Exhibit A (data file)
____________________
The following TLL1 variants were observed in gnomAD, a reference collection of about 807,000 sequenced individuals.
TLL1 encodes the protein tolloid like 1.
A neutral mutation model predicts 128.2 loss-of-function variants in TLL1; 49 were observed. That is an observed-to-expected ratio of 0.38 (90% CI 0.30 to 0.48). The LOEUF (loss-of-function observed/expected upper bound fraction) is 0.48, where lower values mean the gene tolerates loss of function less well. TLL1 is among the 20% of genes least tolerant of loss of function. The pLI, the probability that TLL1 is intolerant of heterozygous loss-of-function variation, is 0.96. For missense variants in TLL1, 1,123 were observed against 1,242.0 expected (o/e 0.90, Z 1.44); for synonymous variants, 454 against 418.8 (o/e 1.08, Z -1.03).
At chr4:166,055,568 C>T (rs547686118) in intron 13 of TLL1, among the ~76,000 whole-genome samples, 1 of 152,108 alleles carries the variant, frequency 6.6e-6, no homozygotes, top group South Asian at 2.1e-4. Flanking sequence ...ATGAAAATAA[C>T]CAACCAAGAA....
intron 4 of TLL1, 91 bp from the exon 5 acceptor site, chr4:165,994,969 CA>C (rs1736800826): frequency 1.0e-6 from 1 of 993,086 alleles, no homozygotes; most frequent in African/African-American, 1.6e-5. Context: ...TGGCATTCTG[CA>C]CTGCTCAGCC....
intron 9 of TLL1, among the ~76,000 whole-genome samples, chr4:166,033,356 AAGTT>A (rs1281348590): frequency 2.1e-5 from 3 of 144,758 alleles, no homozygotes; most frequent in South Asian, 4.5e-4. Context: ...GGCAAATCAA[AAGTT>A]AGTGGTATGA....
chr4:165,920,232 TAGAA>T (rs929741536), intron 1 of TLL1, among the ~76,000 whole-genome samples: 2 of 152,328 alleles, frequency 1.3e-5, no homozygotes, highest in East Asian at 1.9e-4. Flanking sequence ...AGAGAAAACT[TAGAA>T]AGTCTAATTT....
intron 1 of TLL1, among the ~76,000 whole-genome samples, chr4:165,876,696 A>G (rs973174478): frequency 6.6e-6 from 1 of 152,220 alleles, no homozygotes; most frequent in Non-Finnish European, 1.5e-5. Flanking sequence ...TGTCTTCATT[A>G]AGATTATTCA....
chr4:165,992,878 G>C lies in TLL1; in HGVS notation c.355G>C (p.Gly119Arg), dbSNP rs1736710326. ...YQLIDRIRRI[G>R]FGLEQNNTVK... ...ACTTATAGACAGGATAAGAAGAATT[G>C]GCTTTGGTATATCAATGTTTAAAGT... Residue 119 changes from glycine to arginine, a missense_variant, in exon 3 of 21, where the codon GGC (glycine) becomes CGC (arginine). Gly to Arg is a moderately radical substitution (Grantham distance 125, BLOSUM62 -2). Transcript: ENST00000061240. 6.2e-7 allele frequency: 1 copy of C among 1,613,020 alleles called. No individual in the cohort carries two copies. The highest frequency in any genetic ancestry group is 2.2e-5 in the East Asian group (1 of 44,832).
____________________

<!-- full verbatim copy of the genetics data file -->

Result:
The following TLL1 variants were observed in gnomAD, a reference collection of about 807,000 sequenced individuals.
TLL1 encodes the protein tolloid like 1.
A neutral mutation model predicts 128.2 loss-of-function variants in TLL1; 49 were observed. That is an observed-to-expected ratio of 0.38 (90% CI 0.30 to 0.48). The LOEUF (loss-of-function observed/expected upper bound fraction) is 0.48, where lower values mean the gene tolerates loss of function less well. TLL1 is among the 20% of genes least tolerant of loss of function. The pLI, the probability that TLL1 is intolerant of heterozygous loss-of-function variation, is 0.96. For missense variants in TLL1, 1,123 were observed against 1,242.0 expected (o/e 0.90, Z 1.44); for synonymous variants, 454 against 418.8 (o/e 1.08, Z -1.03).
At chr4:166,055,568 C>T (rs547686118) in intron 13 of TLL1, among the ~76,000 whole-genome samples, 1 of 152,108 alleles carries the variant, frequency 6.6e-6, no homozygotes, top group South Asian at 2.1e-4. Flanking sequence ...ATGAAAATAA[C>T]CAACCAAGAA....
intron 4 of TLL1, 91 bp from the exon 5 acceptor site, chr4:165,994,969 CA>C (rs1736800826): frequency 1.0e-6 from 1 of 993,086 alleles, no homozygotes; most frequent in African/African-American, 1.6e-5. Context: ...TGGCATTCTG[CA>C]CTGCTCAGCC....
intron 9 of TLL1, among the ~76,000 whole-genome samples, chr4:166,033,356 AAGTT>A (rs1281348590): frequency 2.1e-5 from 3 of 144,758 alleles, no homozygotes; most frequent in South Asian, 4.5e-4. Context: ...GGCAAATCAA[AAGTT>A]AGTGGTATGA....
chr4:165,920,232 TAGAA>T (rs929741536), intron 1 of TLL1, among the ~76,000 whole-genome samples: 2 of 152,328 alleles, frequency 1.3e-5, no homozygotes, highest in East Asian at 1.9e-4. Flanking sequence ...AGAGAAAACT[TAGAA>T]AGTCTAATTT....
intron 1 of TLL1, among the ~76,000 whole-genome samples, chr4:165,876,696 A>G (rs973174478): frequency 6.6e-6 from 1 of 152,220 alleles, no homozygotes; most frequent in Non-Finnish European, 1.5e-5. Flanking sequence ...TGTCTTCATT[A>G]AGATTATTCA....
chr4:165,992,878 G>C lies in TLL1; in HGVS notation c.355G>C (p.Gly119Arg), dbSNP rs1736710326. ...YQLIDRIRRI[G>R]FGLEQNNTVK... ...ACTTATAGACAGGATAAGAAGAATT[G>C]GCTTTGGTATATCAATGTTTAAAGT... Residue 119 changes from glycine to arginine, a missense_variant, in exon 3 of 21, where the codon GGC (glycine) becomes CGC (arginine). Gly to Arg is a moderately radical substitution (Grantham distance 125, BLOSUM62 -2). Transcript: ENST00000061240. 6.2e-7 allele frequency: 1 copy of C among 1,613,020 alleles called. No individual in the cohort carries two copies. The highest frequency in any genetic ancestry group is 2.2e-5 in the East Asian group (1 of 44,832).